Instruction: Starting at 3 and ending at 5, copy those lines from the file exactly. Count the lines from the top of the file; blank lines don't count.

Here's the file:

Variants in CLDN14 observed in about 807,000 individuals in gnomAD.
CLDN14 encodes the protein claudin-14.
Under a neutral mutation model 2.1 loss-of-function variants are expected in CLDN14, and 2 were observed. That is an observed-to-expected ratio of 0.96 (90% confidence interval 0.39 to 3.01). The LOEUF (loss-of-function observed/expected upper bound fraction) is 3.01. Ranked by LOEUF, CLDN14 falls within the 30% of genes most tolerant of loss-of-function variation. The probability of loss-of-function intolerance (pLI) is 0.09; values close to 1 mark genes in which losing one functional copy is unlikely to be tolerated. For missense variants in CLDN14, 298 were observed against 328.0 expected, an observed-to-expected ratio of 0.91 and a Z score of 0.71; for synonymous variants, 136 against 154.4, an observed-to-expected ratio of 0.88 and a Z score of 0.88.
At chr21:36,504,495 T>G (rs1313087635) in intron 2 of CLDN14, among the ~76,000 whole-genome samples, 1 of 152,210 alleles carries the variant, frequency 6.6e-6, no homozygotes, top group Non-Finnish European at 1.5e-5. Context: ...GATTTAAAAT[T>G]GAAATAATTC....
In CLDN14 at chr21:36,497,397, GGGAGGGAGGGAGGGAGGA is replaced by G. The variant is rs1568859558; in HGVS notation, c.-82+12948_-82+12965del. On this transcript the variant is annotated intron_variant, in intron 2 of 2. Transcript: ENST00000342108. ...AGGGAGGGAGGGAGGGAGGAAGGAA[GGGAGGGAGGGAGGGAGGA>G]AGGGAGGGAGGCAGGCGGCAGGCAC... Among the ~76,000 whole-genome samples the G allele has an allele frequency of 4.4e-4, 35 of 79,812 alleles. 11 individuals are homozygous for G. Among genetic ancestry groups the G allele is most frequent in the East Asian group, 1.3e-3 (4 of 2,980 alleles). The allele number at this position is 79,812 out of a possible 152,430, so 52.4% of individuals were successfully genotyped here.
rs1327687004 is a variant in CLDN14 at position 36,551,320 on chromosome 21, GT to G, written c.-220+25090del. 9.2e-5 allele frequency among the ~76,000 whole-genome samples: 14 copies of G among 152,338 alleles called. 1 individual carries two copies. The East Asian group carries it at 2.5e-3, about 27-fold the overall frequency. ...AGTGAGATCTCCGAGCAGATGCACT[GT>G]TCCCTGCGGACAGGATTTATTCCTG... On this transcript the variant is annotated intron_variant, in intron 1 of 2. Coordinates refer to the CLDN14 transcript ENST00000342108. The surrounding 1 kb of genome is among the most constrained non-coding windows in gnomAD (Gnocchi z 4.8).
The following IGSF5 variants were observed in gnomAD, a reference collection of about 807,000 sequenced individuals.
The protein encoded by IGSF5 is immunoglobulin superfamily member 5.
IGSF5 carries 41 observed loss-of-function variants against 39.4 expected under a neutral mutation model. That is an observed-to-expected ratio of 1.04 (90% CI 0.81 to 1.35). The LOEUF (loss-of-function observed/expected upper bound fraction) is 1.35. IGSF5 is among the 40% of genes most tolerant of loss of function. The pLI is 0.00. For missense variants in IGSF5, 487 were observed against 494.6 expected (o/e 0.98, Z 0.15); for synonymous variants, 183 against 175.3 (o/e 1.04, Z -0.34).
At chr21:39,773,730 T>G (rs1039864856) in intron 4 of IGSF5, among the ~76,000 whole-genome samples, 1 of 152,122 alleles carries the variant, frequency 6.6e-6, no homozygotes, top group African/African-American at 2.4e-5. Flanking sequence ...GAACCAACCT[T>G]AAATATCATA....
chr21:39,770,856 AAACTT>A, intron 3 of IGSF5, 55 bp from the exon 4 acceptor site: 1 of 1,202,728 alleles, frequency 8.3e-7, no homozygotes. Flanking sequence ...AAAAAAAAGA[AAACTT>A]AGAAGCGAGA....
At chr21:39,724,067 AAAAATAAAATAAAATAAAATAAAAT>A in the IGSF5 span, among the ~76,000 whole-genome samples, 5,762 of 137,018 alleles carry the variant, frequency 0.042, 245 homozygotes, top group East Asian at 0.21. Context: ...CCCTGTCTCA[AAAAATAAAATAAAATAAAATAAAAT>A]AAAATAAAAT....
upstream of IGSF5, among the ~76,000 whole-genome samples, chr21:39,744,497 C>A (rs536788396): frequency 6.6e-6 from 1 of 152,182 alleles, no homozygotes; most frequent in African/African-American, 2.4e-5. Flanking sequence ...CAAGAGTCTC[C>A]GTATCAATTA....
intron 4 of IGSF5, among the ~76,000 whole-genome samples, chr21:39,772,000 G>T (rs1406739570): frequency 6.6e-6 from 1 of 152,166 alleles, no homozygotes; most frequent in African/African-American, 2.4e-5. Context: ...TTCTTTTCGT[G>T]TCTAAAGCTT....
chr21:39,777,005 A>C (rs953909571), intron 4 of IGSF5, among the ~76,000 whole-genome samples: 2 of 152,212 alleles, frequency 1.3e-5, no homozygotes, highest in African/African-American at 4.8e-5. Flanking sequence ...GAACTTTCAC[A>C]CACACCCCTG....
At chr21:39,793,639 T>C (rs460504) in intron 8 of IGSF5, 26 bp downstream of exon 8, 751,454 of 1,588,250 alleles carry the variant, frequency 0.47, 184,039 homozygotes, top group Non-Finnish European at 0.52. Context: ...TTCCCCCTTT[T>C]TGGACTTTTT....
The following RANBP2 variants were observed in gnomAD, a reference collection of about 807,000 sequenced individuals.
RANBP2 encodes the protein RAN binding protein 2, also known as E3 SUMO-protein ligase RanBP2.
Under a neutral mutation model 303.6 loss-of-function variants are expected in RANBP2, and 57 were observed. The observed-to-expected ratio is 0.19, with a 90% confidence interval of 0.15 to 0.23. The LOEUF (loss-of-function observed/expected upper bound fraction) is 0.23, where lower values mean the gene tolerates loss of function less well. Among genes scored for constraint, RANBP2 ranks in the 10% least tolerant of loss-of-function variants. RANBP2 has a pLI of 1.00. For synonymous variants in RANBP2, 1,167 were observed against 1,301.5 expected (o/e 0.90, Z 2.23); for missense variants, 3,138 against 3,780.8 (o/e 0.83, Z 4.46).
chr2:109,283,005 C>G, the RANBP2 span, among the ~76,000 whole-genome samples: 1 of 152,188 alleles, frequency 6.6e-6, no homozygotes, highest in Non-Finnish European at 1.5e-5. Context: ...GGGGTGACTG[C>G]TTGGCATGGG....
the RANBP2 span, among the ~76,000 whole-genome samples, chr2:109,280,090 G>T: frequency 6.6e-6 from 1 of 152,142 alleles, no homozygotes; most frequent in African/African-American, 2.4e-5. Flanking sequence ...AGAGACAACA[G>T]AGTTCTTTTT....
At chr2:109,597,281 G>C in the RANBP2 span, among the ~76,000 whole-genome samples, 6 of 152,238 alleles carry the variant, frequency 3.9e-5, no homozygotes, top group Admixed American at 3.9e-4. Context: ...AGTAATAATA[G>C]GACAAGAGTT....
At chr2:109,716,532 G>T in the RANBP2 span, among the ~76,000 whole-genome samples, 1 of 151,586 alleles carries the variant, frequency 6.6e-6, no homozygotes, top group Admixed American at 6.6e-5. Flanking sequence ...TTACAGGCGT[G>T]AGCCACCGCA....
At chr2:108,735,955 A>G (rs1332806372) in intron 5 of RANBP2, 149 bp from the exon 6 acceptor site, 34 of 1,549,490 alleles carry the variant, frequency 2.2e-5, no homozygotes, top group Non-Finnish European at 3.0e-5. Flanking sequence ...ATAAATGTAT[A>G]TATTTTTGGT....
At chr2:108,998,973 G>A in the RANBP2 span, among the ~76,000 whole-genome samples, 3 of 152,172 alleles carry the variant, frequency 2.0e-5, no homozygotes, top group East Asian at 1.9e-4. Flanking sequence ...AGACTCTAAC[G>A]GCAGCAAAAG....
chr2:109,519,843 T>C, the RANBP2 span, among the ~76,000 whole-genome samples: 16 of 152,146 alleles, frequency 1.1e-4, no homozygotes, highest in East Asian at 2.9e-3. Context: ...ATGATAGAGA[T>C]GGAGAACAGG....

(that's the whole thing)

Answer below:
Under a neutral mutation model 2.1 loss-of-function variants are expected in CLDN14, and 2 were observed. That is an observed-to-expected ratio of 0.96 (90% confidence interval 0.39 to 3.01). The LOEUF (loss-of-function observed/expected upper bound fraction) is 3.01. Ranked by LOEUF, CLDN14 falls within the 30% of genes most tolerant of loss-of-function variation. The probability of loss-of-function intolerance (pLI) is 0.09; values close to 1 mark genes in which losing one functional copy is unlikely to be tolerated. For missense variants in CLDN14, 298 were observed against 328.0 expected, an observed-to-expected ratio of 0.91 and a Z score of 0.71; for synonymous variants, 136 against 154.4, an observed-to-expected ratio of 0.88 and a Z score of 0.88.
At chr21:36,504,495 T>G (rs1313087635) in intron 2 of CLDN14, among the ~76,000 whole-genome samples, 1 of 152,210 alleles carries the variant, frequency 6.6e-6, no homozygotes, top group Non-Finnish European at 1.5e-5. Context: ...GATTTAAAAT[T>G]GAAATAATTC....
In CLDN14 at chr21:36,497,397, GGGAGGGAGGGAGGGAGGA is replaced by G. The variant is rs1568859558; in HGVS notation, c.-82+12948_-82+12965del. On this transcript the variant is annotated intron_variant, in intron 2 of 2. Transcript: ENST00000342108. ...AGGGAGGGAGGGAGGGAGGAAGGAA[GGGAGGGAGGGAGGGAGGA>G]AGGGAGGGAGGCAGGCGGCAGGCAC... Among the ~76,000 whole-genome samples the G allele has an allele frequency of 4.4e-4, 35 of 79,812 alleles. 11 individuals are homozygous for G. Among genetic ancestry groups the G allele is most frequent in the East Asian group, 1.3e-3 (4 of 2,980 alleles). The allele number at this position is 79,812 out of a possible 152,430, so 52.4% of individuals were successfully genotyped here.